In the spring, a young man's fancy — but never mind about that; a young woman's fancier than he is, and anyway it's been years since I could pass myself off as young.

What I really hate, of course, is that at this age, the thousand natural shocks that flesh is heir to (and I'd be surprised if there were that few, to be honest about it) seem intent upon giving me an itemized list each and every day. I used to think "My hair hurts" was a manifestation of the DTs. No more.

Getting out of bed these days, in addition to the usual routine of staring in groggy disbelief at the smirking green digits on the clock, requires a number of carefully-synchronized motions, lest I subject myself to the cramping of muscles or the stubbing of toes or some other annoyance. Once I'm up, all my nerve endings seem to go on yellow alert, and they never seem to miss an opportunity to ratchet up the activity level until half an hour past bedtime.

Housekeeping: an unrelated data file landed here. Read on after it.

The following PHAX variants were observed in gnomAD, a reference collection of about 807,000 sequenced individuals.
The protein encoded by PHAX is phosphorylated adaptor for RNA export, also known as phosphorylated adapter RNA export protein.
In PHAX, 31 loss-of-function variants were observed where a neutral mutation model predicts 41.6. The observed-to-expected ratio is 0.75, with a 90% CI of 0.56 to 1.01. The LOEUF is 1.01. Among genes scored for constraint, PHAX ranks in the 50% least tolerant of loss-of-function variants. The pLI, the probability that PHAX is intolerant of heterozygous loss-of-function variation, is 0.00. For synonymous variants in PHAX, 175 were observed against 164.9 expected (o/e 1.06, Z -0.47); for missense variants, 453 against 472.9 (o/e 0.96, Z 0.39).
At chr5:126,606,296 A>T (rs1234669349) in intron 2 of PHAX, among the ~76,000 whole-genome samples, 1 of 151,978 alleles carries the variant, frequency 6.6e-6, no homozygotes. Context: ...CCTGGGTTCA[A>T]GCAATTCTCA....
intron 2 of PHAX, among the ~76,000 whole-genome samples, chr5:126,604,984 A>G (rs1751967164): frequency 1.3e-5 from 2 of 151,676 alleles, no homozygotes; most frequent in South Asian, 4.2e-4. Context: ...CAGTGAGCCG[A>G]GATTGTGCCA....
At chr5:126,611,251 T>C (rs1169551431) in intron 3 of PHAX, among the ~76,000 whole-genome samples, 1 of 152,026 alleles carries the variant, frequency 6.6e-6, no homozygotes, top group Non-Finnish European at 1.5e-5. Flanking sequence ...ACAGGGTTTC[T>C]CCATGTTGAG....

Last month, you may remember, I spent a night in a hospital bed, after a fusillade of chest pains that unaccountably wouldn't retreat. And hospital beds, I am starting to believe, are manufactured with the express purpose of eliciting pain responses that otherwise might be overlooked by the endless parade of peripatetic medical personnel. Admittedly, I lack the sort of narrowness that the hospital bed would seem to demand, but locations where width was not an issue were no less uncomfortable.

When we are young, we fancy ourselves indestructible. Eventually, we learn otherwise. I can't help but wonder if what causes those vaunted mid-life crises is nothing more than the realization that the warranty's up and it's awfully damned hard to get parts.

The Vent

#185
15 February 2000

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